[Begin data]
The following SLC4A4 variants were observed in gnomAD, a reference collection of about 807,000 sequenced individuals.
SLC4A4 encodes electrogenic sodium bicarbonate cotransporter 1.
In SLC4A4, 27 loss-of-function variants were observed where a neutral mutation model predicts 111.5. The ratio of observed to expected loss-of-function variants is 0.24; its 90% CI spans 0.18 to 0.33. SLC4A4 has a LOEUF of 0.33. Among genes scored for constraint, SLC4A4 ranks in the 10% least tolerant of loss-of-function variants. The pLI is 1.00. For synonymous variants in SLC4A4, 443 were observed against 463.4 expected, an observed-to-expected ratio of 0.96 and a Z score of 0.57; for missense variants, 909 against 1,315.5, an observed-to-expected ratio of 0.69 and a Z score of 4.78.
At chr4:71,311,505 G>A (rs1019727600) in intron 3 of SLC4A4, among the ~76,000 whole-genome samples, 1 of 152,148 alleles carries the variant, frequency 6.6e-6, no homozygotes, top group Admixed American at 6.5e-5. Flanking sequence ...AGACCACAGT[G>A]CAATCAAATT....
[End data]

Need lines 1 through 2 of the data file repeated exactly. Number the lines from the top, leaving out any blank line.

The following SLC4A4 variants were observed in gnomAD, a reference collection of about 807,000 sequenced individuals.
SLC4A4 encodes electrogenic sodium bicarbonate cotransporter 1.